For 2,000 years, diabetes has been recognized as a devastating and deadly disease. The term diabetes is the shortened version of the full name diabetes mellitus. Diabetes mellitus is derived from:
- the Greek word diabetes meaning siphon - to pass through
- the Latin word mellitus meaning honeyed or sweet
People with high blood pressure have an almost 60 percent greater chance of developing type 2 diabetes, also factors such as poor diet, in particular low levels of Vitamin D, sitting too much - a sedentary lifestyle, poor physical activity as well as over consumption of alcohol are all contributing factors to the development of diabetes. However, there are no lifestyle changes which can reduce the risk of a person developing type 1 diabetes.
If left untreated diabetes can cause major problems such as: cardiovascular disease; neuropathy (nerve damage); kidney damage; retinopathy - damage to the blood vessels of the retina; nerve damage in the feet and also type 2 diabetes can increase the risk of Alzheimer’s disease.
Prediabetes is where blood sugar levels are abnormally high, but lower than the threshold for diagnosing diabetes. It is estimated that around 5-10% of people with prediabetes will go on to progress "full-blown" type 2 diabetes and by 2025 it is estimated that there could be 5 million people in the UK with diabetes. Diabetes is already costing the NHS almost £10 billion a year and 80% of this is spent on managing avoidable complications.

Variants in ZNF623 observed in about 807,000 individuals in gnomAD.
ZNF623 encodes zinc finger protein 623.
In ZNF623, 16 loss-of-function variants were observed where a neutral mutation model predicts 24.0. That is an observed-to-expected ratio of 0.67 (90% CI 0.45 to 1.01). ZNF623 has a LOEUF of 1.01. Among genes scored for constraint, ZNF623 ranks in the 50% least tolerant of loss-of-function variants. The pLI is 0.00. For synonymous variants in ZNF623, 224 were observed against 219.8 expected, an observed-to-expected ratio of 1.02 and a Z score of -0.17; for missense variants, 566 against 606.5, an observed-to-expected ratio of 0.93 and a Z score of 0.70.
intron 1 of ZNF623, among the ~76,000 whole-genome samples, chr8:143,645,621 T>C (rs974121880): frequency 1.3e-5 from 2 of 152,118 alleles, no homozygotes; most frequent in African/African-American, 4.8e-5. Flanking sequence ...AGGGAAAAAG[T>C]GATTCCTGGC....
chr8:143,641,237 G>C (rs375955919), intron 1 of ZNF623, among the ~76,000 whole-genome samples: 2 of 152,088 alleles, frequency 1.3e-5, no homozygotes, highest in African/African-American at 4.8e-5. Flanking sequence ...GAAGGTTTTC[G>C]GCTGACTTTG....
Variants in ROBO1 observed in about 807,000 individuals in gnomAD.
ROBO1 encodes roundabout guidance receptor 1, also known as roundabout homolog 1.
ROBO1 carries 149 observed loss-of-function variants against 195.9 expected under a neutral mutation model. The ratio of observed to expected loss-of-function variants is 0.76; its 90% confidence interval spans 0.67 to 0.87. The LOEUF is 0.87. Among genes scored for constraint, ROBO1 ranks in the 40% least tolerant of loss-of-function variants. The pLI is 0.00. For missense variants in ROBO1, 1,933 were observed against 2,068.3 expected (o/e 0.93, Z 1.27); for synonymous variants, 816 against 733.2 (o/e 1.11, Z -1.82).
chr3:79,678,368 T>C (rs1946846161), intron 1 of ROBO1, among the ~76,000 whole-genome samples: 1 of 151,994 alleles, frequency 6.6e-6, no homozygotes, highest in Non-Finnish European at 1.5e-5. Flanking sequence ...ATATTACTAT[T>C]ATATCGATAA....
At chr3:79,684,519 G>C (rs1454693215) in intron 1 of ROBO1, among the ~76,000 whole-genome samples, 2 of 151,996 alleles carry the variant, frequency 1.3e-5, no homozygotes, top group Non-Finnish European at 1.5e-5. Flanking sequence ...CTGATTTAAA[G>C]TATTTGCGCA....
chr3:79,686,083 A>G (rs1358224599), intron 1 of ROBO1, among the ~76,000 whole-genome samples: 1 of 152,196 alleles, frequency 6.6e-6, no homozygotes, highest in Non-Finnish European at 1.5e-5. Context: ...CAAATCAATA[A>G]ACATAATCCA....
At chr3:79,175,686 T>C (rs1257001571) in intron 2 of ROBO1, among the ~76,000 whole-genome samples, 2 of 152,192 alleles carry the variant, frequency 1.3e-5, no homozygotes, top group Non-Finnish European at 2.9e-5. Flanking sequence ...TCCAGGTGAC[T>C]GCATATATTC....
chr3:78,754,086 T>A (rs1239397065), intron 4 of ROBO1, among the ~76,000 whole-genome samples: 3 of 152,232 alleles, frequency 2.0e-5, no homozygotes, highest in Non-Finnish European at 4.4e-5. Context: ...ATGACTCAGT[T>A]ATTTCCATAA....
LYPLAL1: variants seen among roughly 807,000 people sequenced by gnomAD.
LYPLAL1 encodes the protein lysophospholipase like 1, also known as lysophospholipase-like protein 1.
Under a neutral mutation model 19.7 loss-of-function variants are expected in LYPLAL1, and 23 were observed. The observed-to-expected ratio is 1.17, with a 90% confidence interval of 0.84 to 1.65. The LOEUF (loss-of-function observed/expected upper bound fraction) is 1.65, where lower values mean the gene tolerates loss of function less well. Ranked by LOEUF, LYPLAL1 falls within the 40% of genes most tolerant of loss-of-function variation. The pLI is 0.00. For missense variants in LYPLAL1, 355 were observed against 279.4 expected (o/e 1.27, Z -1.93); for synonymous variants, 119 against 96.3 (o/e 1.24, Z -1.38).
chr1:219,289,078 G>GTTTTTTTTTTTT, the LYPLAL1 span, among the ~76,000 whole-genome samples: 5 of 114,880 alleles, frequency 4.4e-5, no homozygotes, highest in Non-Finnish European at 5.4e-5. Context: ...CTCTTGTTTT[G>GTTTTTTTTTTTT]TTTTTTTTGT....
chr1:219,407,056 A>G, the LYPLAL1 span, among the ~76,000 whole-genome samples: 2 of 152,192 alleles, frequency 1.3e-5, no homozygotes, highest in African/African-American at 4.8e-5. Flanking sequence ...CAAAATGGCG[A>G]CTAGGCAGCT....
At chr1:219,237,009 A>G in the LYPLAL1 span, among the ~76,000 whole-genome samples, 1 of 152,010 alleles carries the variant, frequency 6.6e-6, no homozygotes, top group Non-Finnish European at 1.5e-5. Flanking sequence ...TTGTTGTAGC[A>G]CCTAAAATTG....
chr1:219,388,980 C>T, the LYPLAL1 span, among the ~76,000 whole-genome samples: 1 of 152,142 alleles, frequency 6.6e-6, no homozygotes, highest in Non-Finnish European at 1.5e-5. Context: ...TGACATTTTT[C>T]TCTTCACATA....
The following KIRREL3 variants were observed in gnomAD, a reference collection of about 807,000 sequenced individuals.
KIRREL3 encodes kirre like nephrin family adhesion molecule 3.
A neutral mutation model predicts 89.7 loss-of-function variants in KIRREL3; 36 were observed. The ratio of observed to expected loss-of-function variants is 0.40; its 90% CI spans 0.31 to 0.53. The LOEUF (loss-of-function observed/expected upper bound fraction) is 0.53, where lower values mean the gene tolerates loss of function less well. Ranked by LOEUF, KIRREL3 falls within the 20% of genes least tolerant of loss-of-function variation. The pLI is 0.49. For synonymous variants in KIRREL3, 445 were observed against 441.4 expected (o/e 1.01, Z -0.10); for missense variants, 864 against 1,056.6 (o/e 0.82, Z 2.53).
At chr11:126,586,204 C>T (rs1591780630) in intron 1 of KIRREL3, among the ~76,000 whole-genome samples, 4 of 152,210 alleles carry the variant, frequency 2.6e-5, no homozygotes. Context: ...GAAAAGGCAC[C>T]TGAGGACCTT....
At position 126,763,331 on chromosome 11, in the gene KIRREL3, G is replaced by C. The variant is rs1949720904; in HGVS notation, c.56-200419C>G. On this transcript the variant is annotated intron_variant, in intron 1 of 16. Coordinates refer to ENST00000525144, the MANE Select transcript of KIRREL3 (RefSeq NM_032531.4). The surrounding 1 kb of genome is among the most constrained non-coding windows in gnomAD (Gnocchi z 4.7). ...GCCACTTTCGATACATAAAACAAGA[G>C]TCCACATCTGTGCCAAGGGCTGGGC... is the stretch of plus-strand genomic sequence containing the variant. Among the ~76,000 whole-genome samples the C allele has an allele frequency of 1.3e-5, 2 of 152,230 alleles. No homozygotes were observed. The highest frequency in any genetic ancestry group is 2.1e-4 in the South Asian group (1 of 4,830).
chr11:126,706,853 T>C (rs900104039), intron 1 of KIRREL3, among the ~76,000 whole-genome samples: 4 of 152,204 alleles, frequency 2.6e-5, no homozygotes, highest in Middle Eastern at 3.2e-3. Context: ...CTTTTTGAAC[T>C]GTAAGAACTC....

‘Increase physical activity and decrease risk of development of type 2 diabetes’
Sedentary society - the time spent with sitting activities is accelerating, and an increasing number of studies have focused on the deleterious health consequences of prolonged sitting. There is substantial evidence that physical activity is associated with a reduced risk of developing type 2 diabetes (just a 60 minute walk a day halves the risk of type 2 diabetes).
‘Take care of your body it is the only place you have to live in’
Physical activity is an important part of the daily maintenance of glucose levels, as chronic inactivity leads to impaired glucose control. The consistent association between obesity and physical inactivity and increased prevalence of diabetes is disturbing, it is becoming a matter of “fitness versus diabetes” how many steps do you take a day?
The role of Occupational Health Services in the management of diabetes for employees is very important, as companies may require guidance on whether employees can remain in a particular job or whether they need to be redeployed. An expert opinion from Occupational Health Services means a careful match between the employee’s abilities and health (as some jobs are physically more demanding than others) whilst observing statutory requirements.